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Scholarship on immigration to America is a coin with two sides: it asks both how America changed immigrants, and how they changed America. Were the immigrants uprooted from their ancestral homes, leaving everything behind, or were they transplanted, bringing many aspects of their culture with them? Although historians agree with the transplantation concept, the notion of the melting pot, which suggests a complete loss of the immigrant culture, persists in the public mind. The Oxford Handbook of American Immigration and Ethnicity bridges this gap and offers a comprehensive and nuanced survey of American racial and ethnic development, assessing the current status of historical research and simultaneously setting the goals for future investigation. Early immigration historians focused on the European migration model, and the ethnic appeal of politicians such as Fiorello La Guardia and James Michael Curley in cities with strong ethno-political histories like New York and Boston. But the story of American ethnicity goes far beyond Ellis Island. Only after the 1965 Immigration Act and the increasing influx of non-Caucasian immigrants, scholars turned more fully to the study of African, Asian and Latino migrants to America. This Handbook brings together thirty eminent scholars to describe the themes, methodologies, and trends that characterize the history and current debates on American immigration. The Handbook's trenchant chapters provide compelling analyses of cutting-edge issues including identity, whiteness, borders and undocumented migration, immigration legislation, intermarriage, assimilation, bilingualism, new American religions, ethnicity-related crime, and pan-ethnic trends. They also explore the myth of "model minorities" and the contemporary resurgence of anti-immigrant feelings. A unique contribution to the field of immigration studies, this volume considers the full racial and ethnic unfolding of the United States in its historical context.

Alle Menschen Sind Gleich Erfolgreiche Nicht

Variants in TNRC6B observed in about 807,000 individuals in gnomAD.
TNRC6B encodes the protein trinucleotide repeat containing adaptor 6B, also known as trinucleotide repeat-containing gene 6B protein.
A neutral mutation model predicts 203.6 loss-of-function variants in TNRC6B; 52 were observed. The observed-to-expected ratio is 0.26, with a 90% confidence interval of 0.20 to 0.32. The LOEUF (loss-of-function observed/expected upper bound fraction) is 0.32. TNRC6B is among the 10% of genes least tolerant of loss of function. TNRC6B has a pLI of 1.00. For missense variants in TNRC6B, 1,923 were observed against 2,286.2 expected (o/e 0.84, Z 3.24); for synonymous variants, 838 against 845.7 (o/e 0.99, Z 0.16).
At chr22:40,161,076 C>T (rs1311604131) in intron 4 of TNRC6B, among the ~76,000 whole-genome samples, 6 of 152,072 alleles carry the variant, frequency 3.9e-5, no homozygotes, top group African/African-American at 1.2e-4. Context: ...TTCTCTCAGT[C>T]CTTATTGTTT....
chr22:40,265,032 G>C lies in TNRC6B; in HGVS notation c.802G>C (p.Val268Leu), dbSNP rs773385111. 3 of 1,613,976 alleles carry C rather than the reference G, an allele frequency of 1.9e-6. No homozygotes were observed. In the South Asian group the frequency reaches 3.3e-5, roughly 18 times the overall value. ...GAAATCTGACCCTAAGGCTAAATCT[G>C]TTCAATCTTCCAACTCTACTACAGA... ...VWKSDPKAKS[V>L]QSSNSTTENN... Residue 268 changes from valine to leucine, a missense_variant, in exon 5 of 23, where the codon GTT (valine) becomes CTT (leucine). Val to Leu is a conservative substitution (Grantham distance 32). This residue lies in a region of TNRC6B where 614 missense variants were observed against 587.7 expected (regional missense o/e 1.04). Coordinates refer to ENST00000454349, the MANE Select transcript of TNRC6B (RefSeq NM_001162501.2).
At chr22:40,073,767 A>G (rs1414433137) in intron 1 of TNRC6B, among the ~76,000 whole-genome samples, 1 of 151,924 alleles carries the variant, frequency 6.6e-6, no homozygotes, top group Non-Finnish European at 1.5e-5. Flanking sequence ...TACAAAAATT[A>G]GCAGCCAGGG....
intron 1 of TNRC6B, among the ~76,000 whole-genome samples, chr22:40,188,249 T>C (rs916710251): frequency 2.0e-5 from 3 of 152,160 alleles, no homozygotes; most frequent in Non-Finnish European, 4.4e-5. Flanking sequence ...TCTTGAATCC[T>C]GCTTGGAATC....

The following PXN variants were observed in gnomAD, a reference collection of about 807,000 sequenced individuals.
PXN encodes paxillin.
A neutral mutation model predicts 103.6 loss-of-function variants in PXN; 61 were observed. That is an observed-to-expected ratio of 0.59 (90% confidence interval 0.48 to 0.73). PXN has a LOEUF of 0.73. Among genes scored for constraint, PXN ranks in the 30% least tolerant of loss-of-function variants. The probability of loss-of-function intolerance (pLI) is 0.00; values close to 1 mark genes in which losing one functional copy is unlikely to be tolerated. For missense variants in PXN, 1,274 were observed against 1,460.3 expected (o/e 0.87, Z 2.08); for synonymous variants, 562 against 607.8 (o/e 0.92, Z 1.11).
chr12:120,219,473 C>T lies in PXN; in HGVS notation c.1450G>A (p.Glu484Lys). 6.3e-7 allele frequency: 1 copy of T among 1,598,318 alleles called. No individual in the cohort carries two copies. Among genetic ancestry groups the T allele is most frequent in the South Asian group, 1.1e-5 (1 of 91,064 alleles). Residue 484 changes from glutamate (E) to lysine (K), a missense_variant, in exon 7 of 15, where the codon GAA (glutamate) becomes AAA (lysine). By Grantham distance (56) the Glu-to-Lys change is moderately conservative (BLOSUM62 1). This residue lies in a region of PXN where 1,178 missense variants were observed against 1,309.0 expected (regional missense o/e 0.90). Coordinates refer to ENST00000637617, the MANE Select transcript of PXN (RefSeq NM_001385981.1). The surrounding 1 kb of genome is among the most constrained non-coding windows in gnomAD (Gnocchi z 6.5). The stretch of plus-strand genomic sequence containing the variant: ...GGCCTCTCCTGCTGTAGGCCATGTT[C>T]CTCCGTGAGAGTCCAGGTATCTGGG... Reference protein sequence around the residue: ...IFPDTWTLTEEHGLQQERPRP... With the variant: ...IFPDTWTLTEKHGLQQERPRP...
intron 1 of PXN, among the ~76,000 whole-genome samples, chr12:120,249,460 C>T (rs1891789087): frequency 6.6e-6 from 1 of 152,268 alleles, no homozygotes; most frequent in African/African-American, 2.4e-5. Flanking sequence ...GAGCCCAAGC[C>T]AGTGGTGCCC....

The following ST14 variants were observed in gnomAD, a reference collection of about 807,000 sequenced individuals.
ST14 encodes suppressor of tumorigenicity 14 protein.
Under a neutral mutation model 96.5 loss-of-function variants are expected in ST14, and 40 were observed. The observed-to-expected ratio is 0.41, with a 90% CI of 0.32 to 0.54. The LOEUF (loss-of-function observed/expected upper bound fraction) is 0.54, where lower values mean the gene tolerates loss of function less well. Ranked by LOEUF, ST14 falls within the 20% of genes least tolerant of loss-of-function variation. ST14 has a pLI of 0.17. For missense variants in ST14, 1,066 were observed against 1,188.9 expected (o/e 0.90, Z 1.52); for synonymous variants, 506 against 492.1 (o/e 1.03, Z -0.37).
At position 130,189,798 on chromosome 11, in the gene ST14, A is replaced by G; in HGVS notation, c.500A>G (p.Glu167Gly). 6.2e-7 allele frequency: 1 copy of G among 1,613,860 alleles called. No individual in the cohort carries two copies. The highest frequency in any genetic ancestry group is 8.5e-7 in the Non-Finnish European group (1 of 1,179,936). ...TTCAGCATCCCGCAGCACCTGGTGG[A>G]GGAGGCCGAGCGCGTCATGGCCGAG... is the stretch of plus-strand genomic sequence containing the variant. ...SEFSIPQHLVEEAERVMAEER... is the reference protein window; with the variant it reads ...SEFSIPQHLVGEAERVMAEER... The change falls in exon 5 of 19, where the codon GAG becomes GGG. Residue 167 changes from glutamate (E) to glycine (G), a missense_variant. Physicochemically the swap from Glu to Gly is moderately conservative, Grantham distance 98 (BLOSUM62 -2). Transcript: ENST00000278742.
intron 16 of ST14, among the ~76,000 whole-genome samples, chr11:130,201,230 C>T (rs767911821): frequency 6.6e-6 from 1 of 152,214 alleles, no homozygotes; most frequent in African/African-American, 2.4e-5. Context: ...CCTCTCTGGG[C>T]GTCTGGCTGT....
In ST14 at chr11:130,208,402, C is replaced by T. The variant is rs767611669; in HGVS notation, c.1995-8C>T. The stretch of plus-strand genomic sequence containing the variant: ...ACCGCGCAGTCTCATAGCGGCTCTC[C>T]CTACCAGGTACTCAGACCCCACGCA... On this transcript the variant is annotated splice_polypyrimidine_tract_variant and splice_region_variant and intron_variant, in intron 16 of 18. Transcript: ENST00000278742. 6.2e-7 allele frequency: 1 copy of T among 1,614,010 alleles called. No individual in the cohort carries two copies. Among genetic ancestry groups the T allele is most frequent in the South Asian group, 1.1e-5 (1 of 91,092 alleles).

Author: Amy Chua
Publisher: Campus Verlag
ISBN: 3593501171
Size: 35.34 MB
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Warum sind Einwanderer aus China und dem Iran Gewinnertypen und die aus anderen Nationen oft nicht? »Tigermutter« Amy Chua und ihr Mann Jed Rubenfeld haben eine überraschende Antwort. Erfolg hat, wer drei Dinge mit auf den Weg bekommt: das Gefühl kollektiver Überlegenheit, gepaart mit einer tiefen Unsicherheit gegenüber der neuen Gesellschaft und nicht zuletzt einer guten Portion Selbstdisziplin. Das Gute: Das Erfolgsprinzip ist kulturell geprägt, aber dennoch übertragbar und kann uns auch hierzulande eine Lehre sein. Vorausgesetzt, wir haben den nötigen Biss!

Das Geheimnis Des Dr Fu Manchu

Author: Sax Rohmer
Publisher: BookRix
ISBN: 3743843374
Size: 59.32 MB
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Zum ersten Mal erfährt der Arzt Petrie von dem mysteriösen Dr. Fu-Manchu, als ihn sein Freund Nayland Smith eines Abends unerwartet aufsucht und sofort die Fenster verdunkelt. "Du wirst rasch begreifen, dass ich allen Grund habe, vorsichtig zu sein", erklärt dieser sein seltsames Verhalten.Dann begeben sich beide zu einem schicksalhaften Treffen im nächtlichen London: Doch der Mann, zu dessen Rettung sie geeilt waren, ist bereits tot, und irgendjemand – oder irgendetwas – verfolgt sie auf dem Heimweg.So beginnt der mörderische Kampf mit Dr. Fu-Manchu, einem Chinesen von verbrecherischer Genialität. Zusammen mit seiner verführerischen Komplizin will er die westliche Welt durch unvorstellbare orientalische Schrecken ins Chaos stürzen und die Herrschaft über den gesamten Erdball an sich reißen...Mit der Figur des Dr. Fu-Manchu schuf der englische Schriftsteller Sax Rohmer eine der bekanntesten und einzigartigsten Verbrecherfiguren der Kriminalliteraur, vergleichbar am ehesten mit Norbert Jacques Dr. Mabuse.In Das Geheimnis des Dr. Fu-Manchu hat der größenwahnsinnige Verbrecher seinen ersten Auftritt – in einem klassischen, internationalen Beststeller, packend wie Edgar Allan Poe, spannend wie Edgar Wallace: Einer der berühmtesten Thriller, die je geschrieben wurden, vom Apex-Verlag in einer durchgesehenen, in Teilen neu übersetzte Neu-Ausgabe veröffentlicht.

Choreographing Asian America

Author: Yutian Wong
Publisher: Wesleyan University Press
ISBN: 0819571083
Size: 75.52 MB